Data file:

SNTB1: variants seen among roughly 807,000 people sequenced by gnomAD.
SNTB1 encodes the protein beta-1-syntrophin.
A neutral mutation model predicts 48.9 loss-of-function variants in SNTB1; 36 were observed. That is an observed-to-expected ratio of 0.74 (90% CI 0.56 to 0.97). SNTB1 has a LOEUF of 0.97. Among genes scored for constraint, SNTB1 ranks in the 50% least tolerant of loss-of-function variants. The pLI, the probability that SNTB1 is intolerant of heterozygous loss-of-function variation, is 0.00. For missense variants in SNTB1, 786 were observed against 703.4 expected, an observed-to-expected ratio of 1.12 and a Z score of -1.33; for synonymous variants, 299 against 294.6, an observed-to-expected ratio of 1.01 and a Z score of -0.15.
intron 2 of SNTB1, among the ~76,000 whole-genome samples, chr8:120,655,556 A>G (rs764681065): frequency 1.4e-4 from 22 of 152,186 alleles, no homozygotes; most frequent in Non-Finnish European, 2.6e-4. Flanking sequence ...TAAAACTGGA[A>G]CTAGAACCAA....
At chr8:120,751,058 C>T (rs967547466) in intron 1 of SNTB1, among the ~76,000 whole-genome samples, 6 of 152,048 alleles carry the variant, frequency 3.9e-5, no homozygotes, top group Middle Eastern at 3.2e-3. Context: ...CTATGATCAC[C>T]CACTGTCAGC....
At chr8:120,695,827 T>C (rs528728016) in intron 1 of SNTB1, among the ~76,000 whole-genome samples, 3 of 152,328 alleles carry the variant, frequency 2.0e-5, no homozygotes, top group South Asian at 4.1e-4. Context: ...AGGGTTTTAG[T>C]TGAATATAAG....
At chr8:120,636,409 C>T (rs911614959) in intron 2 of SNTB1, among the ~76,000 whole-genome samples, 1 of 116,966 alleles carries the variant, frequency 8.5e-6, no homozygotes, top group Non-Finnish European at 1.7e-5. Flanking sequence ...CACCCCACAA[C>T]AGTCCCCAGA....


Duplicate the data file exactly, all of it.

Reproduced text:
SNTB1: variants seen among roughly 807,000 people sequenced by gnomAD.
SNTB1 encodes the protein beta-1-syntrophin.
A neutral mutation model predicts 48.9 loss-of-function variants in SNTB1; 36 were observed. That is an observed-to-expected ratio of 0.74 (90% CI 0.56 to 0.97). SNTB1 has a LOEUF of 0.97. Among genes scored for constraint, SNTB1 ranks in the 50% least tolerant of loss-of-function variants. The pLI, the probability that SNTB1 is intolerant of heterozygous loss-of-function variation, is 0.00. For missense variants in SNTB1, 786 were observed against 703.4 expected, an observed-to-expected ratio of 1.12 and a Z score of -1.33; for synonymous variants, 299 against 294.6, an observed-to-expected ratio of 1.01 and a Z score of -0.15.
intron 2 of SNTB1, among the ~76,000 whole-genome samples, chr8:120,655,556 A>G (rs764681065): frequency 1.4e-4 from 22 of 152,186 alleles, no homozygotes; most frequent in Non-Finnish European, 2.6e-4. Flanking sequence ...TAAAACTGGA[A>G]CTAGAACCAA....
At chr8:120,751,058 C>T (rs967547466) in intron 1 of SNTB1, among the ~76,000 whole-genome samples, 6 of 152,048 alleles carry the variant, frequency 3.9e-5, no homozygotes, top group Middle Eastern at 3.2e-3. Context: ...CTATGATCAC[C>T]CACTGTCAGC....
At chr8:120,695,827 T>C (rs528728016) in intron 1 of SNTB1, among the ~76,000 whole-genome samples, 3 of 152,328 alleles carry the variant, frequency 2.0e-5, no homozygotes, top group South Asian at 4.1e-4. Context: ...AGGGTTTTAG[T>C]TGAATATAAG....
At chr8:120,636,409 C>T (rs911614959) in intron 2 of SNTB1, among the ~76,000 whole-genome samples, 1 of 116,966 alleles carries the variant, frequency 8.5e-6, no homozygotes, top group Non-Finnish European at 1.7e-5. Flanking sequence ...CACCCCACAA[C>T]AGTCCCCAGA....